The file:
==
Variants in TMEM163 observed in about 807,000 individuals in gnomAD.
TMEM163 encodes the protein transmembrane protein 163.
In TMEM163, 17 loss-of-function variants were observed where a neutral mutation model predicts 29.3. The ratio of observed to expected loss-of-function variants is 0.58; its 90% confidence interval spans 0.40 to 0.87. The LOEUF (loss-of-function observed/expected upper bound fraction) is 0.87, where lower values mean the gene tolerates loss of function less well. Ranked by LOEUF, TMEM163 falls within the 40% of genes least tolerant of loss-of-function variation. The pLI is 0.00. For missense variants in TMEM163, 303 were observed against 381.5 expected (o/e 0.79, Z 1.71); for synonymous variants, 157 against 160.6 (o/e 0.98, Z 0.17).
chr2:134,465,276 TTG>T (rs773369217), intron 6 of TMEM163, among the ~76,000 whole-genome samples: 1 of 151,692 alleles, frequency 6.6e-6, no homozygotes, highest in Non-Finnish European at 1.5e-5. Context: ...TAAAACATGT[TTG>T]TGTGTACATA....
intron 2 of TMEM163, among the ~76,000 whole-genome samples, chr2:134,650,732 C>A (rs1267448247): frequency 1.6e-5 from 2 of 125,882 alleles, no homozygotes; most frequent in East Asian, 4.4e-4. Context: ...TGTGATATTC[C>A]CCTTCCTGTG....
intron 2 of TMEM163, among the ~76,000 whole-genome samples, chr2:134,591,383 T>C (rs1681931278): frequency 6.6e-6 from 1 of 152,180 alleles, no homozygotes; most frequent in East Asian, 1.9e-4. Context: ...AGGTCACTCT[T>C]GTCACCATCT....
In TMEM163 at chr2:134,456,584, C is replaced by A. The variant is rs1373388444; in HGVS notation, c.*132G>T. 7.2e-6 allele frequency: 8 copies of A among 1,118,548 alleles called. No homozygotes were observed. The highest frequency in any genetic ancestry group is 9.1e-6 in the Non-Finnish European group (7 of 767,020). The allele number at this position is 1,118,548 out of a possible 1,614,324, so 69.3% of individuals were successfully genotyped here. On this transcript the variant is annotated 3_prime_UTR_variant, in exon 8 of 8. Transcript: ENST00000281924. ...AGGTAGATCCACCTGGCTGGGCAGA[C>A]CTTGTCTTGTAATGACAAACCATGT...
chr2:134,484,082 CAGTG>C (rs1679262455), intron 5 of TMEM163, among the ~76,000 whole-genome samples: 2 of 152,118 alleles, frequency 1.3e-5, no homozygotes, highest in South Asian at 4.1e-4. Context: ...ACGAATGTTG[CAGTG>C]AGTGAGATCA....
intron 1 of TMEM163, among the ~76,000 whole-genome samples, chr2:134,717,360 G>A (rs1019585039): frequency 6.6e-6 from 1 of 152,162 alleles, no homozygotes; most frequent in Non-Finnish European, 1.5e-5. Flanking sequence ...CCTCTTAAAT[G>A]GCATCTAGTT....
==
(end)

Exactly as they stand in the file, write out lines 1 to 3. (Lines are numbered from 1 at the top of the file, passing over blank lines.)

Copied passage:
Variants in TMEM163 observed in about 807,000 individuals in gnomAD.
TMEM163 encodes the protein transmembrane protein 163.
In TMEM163, 17 loss-of-function variants were observed where a neutral mutation model predicts 29.3. The ratio of observed to expected loss-of-function variants is 0.58; its 90% confidence interval spans 0.40 to 0.87. The LOEUF (loss-of-function observed/expected upper bound fraction) is 0.87, where lower values mean the gene tolerates loss of function less well. Ranked by LOEUF, TMEM163 falls within the 40% of genes least tolerant of loss-of-function variation. The pLI is 0.00. For missense variants in TMEM163, 303 were observed against 381.5 expected (o/e 0.79, Z 1.71); for synonymous variants, 157 against 160.6 (o/e 0.98, Z 0.17).